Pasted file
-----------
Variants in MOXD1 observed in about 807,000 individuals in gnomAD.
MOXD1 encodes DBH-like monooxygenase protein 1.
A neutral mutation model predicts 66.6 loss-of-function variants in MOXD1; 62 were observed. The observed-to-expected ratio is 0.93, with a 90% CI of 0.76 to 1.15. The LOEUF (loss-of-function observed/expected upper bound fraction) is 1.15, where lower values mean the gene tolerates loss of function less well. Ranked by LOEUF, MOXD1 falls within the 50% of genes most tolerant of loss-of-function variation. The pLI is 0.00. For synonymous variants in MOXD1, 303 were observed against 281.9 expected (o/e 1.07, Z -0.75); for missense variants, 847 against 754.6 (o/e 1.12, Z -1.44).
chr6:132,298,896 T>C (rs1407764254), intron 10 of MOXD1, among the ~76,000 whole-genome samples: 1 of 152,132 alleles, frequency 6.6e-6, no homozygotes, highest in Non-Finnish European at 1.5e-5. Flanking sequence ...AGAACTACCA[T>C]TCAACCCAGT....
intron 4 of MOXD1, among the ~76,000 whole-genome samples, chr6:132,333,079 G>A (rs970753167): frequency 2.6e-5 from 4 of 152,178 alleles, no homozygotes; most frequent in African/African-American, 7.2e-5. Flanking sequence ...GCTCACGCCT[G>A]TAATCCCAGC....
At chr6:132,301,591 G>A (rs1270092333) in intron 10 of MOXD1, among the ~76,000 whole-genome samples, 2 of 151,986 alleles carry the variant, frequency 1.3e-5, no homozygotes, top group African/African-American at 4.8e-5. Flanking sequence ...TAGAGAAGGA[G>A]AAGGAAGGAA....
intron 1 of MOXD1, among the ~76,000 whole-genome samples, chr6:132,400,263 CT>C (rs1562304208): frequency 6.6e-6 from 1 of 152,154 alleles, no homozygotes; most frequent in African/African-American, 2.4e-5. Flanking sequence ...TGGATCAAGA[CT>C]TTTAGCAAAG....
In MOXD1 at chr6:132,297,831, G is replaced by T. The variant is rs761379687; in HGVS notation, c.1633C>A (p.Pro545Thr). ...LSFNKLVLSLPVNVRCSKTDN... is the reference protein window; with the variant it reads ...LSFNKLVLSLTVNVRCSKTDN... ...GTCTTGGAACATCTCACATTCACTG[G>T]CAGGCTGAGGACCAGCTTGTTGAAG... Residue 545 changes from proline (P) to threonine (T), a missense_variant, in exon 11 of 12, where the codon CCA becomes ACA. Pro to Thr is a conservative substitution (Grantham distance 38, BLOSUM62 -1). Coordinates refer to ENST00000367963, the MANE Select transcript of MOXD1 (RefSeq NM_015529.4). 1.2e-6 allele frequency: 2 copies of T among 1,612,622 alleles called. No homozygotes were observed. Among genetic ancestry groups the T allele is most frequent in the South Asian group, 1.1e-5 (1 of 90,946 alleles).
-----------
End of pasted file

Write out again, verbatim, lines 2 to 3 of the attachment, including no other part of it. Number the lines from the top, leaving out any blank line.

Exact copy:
MOXD1 encodes DBH-like monooxygenase protein 1.
A neutral mutation model predicts 66.6 loss-of-function variants in MOXD1; 62 were observed. The observed-to-expected ratio is 0.93, with a 90% CI of 0.76 to 1.15. The LOEUF (loss-of-function observed/expected upper bound fraction) is 1.15, where lower values mean the gene tolerates loss of function less well. Ranked by LOEUF, MOXD1 falls within the 50% of genes most tolerant of loss-of-function variation. The pLI is 0.00. For synonymous variants in MOXD1, 303 were observed against 281.9 expected (o/e 1.07, Z -0.75); for missense variants, 847 against 754.6 (o/e 1.12, Z -1.44).